More to sports than push­ing bar­ri­ers

New Straits Times - - Higher Ed - ROZANA SANI

KHONG Teng Keen, 28, has al­ways been ac­tive in sports. From his pri­mary school years, the Kuala Lumpur na­tive has played foot­ball, bas­ket­ball and bad­minton, and prac­tised martial arts. He was a mem­ber of the foot­ball teams in both pri­mary and sec­ondary school, and dur­ing the early years of his un­der­grad­u­ate days, he rep­re­sented Univer­sity of Malaya (UM) in the sport.

Due to an an­te­rior cru­ci­ate lig­a­ment in­jury, the Bach­e­lor of Sports Science grad­u­ate de­cided to opt for base­ball in­stead and he has rep­re­sented UM in in­ter-var­si­ties base­ball games since. Due to his pas­sion for sports, he is a mem­ber of Raiders Base­ball Club, which par­tic­i­pates in the Klang Val­ley base­ball week­end league.

Khong be­lieves the ex­pe­ri­ence of tak­ing part in dif­fer­ent sports has helped him to be ready to learn any­thing, any­time, from any­one. Cur­rently a Doc­tor of Phi­los­o­phy in Sports Science can­di­date — one of the few who by­passed the process of get­ting a mas­ter’s de­gree af­ter grad­u­at­ing with a bach­e­lor’s de­gree — Khong said there is more to sports than push­ing phys­i­cal bar­ri­ers and that there must be a fo­cus on science to en­able sports­men to achieve higher per­for­mance.

“Sports is not some­thing I en­joy just phys­i­cally. My in­ter­est in sports science also stems from want­ing to un­der­stand how my body works when I take part in sports. I en­vis­age a ca­reer in re­search, specif­i­cally in sports science,” said the self-pro­fessed tech nerd who views him­self as an in­tro­vert out­side sports. He reads widely — from his­tory and bi­ogra­phies to science fic­tion — and watches doc­u­men­taries.

Hav­ing made the dean’s list nu­mer­ous times dur­ing his un­der­grad­u­ate years, his lec­tur­ers at UM’s Sports Cen­ter rec­om­mended him to en­rol in the post­grad­u­ate pro­gramme af­ter fin­ish­ing his bach­e­lor’s de­gree.

“Dur­ing my de­gree pro­gramme, I ma­jored in Ex­er­cise Phys­i­ol­ogy and mi­nored in Science of Coach­ing. The pro­gramme cov­ered the phys­i­o­log­i­cal changes of the hu­man body to­wards ex­er­cise, in­clud­ing acute changes dur­ing ex­er­cise, and the chronic adap­ta­tion fol­low­ing a train­ing pro­gramme or ac­tive life­style.”

There were also el­e­ments of nu­tri­tion, psy­chol­ogy, bio­chem­istry and coach­ing/teach­ing meth­ods. As a re­search univer­sity pro­gramme, it also con­sists of as­sign­ments that mimic aca­demic re­search, which helped pre­pare Khong for re­search-ori­ented life of a doc­toral can­di­date.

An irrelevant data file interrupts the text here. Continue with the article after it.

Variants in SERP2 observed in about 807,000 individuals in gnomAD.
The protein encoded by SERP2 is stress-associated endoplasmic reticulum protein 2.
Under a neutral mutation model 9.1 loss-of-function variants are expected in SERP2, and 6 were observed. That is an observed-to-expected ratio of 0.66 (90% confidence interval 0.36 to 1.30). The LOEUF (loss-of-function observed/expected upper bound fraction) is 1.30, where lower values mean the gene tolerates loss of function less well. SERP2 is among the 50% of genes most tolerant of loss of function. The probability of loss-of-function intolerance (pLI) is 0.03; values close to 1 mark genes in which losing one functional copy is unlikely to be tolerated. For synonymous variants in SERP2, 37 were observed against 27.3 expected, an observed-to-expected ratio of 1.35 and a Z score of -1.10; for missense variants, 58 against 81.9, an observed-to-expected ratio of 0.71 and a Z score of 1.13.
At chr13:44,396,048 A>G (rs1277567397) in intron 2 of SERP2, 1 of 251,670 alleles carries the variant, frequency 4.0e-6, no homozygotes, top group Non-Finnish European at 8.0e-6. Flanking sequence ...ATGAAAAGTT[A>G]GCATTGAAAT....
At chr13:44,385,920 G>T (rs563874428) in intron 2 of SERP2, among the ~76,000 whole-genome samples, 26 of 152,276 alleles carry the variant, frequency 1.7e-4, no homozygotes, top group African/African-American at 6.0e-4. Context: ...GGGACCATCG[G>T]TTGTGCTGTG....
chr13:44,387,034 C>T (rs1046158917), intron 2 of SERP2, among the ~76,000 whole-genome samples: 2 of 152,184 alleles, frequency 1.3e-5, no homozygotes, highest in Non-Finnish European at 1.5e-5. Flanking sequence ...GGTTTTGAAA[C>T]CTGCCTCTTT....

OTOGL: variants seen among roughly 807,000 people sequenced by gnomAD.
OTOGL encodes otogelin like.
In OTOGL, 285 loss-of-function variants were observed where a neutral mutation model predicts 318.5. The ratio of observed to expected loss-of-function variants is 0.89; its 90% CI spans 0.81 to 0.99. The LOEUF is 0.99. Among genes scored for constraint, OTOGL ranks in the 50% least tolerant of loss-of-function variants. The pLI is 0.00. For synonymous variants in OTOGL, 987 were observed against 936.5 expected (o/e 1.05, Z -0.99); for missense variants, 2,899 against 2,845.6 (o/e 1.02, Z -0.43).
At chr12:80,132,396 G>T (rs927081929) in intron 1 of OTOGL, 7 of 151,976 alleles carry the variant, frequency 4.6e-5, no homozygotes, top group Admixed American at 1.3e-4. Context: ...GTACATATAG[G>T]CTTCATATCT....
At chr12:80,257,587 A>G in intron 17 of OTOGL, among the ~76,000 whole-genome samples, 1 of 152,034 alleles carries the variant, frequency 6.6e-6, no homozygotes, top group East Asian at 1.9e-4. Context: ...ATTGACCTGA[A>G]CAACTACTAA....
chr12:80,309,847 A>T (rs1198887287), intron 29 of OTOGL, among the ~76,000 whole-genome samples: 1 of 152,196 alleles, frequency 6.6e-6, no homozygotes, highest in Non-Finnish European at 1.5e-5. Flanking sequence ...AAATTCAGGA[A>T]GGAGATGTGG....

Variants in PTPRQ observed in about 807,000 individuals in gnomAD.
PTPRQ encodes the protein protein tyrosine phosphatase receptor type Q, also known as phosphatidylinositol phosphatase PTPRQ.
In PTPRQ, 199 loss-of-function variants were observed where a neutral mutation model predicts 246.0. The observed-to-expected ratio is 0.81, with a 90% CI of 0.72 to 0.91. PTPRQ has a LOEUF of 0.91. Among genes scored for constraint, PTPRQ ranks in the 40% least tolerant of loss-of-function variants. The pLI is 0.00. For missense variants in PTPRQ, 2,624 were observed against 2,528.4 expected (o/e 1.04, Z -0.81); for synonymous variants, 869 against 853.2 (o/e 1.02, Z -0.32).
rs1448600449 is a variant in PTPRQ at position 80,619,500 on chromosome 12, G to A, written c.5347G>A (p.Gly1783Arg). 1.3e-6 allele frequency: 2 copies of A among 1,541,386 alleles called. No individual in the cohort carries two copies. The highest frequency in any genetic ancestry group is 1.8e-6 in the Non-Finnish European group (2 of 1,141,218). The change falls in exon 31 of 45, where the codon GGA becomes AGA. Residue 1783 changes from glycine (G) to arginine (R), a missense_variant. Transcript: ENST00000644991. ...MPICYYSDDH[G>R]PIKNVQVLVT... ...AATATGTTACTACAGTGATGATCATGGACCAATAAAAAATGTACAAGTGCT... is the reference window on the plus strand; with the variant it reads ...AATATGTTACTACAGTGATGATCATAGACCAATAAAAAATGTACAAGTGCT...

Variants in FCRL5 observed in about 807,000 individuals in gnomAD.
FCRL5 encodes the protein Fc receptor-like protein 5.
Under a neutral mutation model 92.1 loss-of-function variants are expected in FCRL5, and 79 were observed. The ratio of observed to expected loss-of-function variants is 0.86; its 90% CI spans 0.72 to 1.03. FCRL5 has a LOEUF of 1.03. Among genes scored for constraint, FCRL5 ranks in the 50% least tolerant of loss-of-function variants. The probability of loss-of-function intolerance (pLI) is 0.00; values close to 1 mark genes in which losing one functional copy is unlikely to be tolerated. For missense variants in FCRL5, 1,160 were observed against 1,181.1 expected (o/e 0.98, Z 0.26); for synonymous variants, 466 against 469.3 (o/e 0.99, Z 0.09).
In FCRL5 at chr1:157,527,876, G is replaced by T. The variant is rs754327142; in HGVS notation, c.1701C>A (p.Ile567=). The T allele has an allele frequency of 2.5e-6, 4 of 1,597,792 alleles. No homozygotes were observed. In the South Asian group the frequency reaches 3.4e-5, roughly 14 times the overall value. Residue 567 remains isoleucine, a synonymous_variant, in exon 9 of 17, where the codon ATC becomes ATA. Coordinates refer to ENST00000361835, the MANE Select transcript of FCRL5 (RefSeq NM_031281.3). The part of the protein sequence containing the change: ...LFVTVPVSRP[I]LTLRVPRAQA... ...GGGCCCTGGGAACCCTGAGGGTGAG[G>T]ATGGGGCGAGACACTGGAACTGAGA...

Khong’s doc­toral re­search is on ef­fects of car­bo­hy­drates on Cen­tral Fa­tigue fol­low­ing en­durance ex­er­cise. Cen­tral Fa­tigue refers to the form of fa­tigue as­so­ci­ated with changes within the cen­tral ner­vous sys­tem. “Sim­ply put, I ob­serve changes in the cen­tral ner­vous sys­tem fol­low­ing en­durance ex­er­cises with dif­fer­ent car­bo­hy­drate pre­scrip­tions.”

His fo­cus is on long du­ra­tion run­ning. “I pre­scribe meals for ath­letes and ob­tain data from blood tests, elec­tromyo­g­ra­phy read­ings and elec­tri­cal stim­u­la­tions. Ath­letes run for 90 min­utes and I do a post-test to see the dif­fer­ence in re­sults be­tween the dif­fer­ent meals pre­scribed. I mon­i­tor how their bodies re­act,” said Khong, ad­ding that ex­am­in­ers in Tai­wan, Den­mark and UM are vet­ting his the­sis.

On the im­por­tance of peo­ple in sports to be knowl­edge­able about science, Khong said it is cru­cial so that pro­grammes pre­scribed can be op­ti­mised.

“Most ath­letes fol­low what the coaches pre­scribe with­out know­ing the rea­son. Some na­tional ath­letes do not know why they prac­tise yoga. They will ap­pre­ci­ate it more if they know the ben­e­fits — breath­ing dur­ing yoga helps re­plen­ish en­ergy and flushes out lac­tates. Ev­ery pro­gramme has its aim. Even the pub­lic should

Doc­tor of Phi­los­o­phy

in Sports Science, Univer­sity of Malaya (third-year can­di­date)

Bach­e­lor of Sports Science, Univer­sity

of Malaya Intern at Ex­er­cise Phys­i­ol­ogy Cen­ter, Na­tional Sports In­sti­tute (2012) know what ex­er­cise suits them.”

Khong, who re­cently rep­re­sented Malaysia at a sports sem­i­nar in Kanoya in Ja­pan, com­mended the coun­try’s sports train­ing and as­sess­ment.

“The fo­cus was on prepa­ra­tion for Olympics 2020 which Ja­pan is host­ing. There is a fo­cus on sci­en­tific re­search for high per­for­mance sports and man­age­ment, which can be im­ple­mented in Malaysia to push sports to a higher level. How­ever, it takes a gen­er­a­tion for re­sults to show.”

Khong Teng Keen con­duct­ing re­search. Sports and science go hand in hand, says Khong Teng Keen.

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